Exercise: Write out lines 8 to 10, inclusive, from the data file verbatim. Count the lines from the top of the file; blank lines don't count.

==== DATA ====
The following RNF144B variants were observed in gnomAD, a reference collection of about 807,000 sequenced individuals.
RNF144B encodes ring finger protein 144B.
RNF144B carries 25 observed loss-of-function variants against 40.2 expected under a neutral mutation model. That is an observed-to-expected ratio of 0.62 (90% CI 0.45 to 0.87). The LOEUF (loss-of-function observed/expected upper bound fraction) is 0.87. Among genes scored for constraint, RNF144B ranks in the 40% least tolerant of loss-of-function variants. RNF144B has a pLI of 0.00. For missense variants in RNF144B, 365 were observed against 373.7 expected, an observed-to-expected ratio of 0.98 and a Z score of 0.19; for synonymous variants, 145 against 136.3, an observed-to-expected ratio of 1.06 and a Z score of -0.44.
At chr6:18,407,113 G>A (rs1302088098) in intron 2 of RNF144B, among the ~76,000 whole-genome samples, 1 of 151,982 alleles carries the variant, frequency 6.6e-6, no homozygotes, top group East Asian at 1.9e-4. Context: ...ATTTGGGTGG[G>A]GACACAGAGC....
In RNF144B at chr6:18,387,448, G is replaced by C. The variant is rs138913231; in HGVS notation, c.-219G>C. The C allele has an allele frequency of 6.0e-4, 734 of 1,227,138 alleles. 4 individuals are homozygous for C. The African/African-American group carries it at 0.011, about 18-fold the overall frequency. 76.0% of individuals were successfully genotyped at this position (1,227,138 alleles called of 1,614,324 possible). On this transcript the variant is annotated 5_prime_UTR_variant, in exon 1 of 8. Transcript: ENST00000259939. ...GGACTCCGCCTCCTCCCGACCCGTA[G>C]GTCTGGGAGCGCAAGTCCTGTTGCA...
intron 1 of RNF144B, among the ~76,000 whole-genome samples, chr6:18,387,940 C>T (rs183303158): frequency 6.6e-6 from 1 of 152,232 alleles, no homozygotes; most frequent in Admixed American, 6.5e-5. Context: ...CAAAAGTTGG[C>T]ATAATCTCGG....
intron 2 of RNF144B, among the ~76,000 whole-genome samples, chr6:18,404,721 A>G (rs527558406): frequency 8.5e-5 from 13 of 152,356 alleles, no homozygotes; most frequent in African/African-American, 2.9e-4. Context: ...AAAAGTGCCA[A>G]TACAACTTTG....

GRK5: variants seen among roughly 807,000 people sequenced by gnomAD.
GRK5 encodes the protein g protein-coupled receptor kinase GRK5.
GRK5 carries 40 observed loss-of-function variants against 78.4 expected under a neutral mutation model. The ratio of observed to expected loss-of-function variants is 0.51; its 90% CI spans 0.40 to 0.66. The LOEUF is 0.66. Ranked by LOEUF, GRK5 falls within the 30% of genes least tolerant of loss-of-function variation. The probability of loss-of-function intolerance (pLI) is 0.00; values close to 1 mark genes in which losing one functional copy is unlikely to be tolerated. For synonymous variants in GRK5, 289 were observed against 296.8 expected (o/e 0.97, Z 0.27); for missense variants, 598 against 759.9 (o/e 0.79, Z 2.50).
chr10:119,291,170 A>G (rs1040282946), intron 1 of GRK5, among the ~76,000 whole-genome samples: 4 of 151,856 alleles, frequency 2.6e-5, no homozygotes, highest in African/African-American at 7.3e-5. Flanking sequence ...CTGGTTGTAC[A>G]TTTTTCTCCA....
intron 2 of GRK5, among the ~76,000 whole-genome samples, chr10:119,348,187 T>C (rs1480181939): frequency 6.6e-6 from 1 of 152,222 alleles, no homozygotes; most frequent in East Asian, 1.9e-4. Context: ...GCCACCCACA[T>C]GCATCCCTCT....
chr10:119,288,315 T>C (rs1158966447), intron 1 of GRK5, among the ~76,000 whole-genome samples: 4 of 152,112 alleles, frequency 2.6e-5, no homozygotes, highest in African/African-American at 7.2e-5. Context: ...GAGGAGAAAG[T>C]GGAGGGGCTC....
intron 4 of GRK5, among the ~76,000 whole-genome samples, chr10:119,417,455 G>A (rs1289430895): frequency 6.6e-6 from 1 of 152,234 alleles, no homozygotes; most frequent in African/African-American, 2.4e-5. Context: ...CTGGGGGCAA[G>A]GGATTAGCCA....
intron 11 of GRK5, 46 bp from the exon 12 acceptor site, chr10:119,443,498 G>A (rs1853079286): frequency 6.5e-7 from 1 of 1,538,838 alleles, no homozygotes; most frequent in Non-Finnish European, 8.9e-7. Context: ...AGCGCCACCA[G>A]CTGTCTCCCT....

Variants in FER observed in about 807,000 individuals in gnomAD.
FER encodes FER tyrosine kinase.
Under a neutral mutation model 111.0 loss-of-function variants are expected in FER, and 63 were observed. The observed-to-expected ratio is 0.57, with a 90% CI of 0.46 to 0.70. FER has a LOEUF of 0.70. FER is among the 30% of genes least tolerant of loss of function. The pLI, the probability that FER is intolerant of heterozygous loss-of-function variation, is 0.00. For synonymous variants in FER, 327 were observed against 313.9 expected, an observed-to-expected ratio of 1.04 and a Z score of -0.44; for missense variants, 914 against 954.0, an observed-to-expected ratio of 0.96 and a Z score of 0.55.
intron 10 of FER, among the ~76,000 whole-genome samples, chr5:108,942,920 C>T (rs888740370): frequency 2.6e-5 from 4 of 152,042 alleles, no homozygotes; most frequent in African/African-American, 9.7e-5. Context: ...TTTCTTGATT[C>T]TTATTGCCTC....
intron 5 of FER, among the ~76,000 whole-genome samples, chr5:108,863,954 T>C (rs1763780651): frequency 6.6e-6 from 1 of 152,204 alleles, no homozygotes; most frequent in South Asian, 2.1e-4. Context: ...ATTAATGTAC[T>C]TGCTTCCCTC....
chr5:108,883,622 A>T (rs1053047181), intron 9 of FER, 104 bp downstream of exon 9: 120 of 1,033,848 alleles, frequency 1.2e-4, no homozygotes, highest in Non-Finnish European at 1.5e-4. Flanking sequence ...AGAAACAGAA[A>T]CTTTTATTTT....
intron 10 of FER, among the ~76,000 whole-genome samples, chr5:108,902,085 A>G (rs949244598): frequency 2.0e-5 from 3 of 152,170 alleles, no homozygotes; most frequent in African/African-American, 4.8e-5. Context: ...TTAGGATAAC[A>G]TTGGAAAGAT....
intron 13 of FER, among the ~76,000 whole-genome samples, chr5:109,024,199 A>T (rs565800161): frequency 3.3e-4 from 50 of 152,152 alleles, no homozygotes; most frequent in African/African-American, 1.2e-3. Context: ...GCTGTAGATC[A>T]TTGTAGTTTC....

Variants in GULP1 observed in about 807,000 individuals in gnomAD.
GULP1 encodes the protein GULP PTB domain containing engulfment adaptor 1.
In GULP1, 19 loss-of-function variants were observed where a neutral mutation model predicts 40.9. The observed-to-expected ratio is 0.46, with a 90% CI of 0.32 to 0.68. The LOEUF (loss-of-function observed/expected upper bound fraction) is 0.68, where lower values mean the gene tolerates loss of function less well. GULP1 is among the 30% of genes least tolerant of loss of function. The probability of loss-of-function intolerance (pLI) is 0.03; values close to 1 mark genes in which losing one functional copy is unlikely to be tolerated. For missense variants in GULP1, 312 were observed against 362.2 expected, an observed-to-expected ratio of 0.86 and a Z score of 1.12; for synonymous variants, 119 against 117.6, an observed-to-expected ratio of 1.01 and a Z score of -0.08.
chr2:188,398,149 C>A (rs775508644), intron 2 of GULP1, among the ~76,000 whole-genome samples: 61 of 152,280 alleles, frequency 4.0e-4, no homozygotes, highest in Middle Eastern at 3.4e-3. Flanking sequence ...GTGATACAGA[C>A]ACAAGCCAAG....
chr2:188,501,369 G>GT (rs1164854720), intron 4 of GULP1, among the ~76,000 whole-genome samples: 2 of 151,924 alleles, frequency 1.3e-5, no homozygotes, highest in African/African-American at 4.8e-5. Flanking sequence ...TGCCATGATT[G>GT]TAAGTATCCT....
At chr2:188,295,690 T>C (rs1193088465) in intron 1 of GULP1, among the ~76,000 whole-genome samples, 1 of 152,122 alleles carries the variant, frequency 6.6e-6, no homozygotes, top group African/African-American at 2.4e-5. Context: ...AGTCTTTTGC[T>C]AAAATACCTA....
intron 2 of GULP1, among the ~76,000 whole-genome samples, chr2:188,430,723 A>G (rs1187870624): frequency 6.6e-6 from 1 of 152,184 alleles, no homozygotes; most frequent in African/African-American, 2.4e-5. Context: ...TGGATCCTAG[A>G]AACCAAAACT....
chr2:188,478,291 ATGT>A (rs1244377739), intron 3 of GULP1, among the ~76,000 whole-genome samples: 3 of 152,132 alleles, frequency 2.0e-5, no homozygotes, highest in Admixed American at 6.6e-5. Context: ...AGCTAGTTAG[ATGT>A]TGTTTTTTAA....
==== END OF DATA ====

GRK5: variants seen among roughly 807,000 people sequenced by gnomAD.
GRK5 encodes the protein g protein-coupled receptor kinase GRK5.
GRK5 carries 40 observed loss-of-function variants against 78.4 expected under a neutral mutation model. The ratio of observed to expected loss-of-function variants is 0.51; its 90% CI spans 0.40 to 0.66. The LOEUF is 0.66. Ranked by LOEUF, GRK5 falls within the 30% of genes least tolerant of loss-of-function variation. The probability of loss-of-function intolerance (pLI) is 0.00; values close to 1 mark genes in which losing one functional copy is unlikely to be tolerated. For synonymous variants in GRK5, 289 were observed against 296.8 expected (o/e 0.97, Z 0.27); for missense variants, 598 against 759.9 (o/e 0.79, Z 2.50).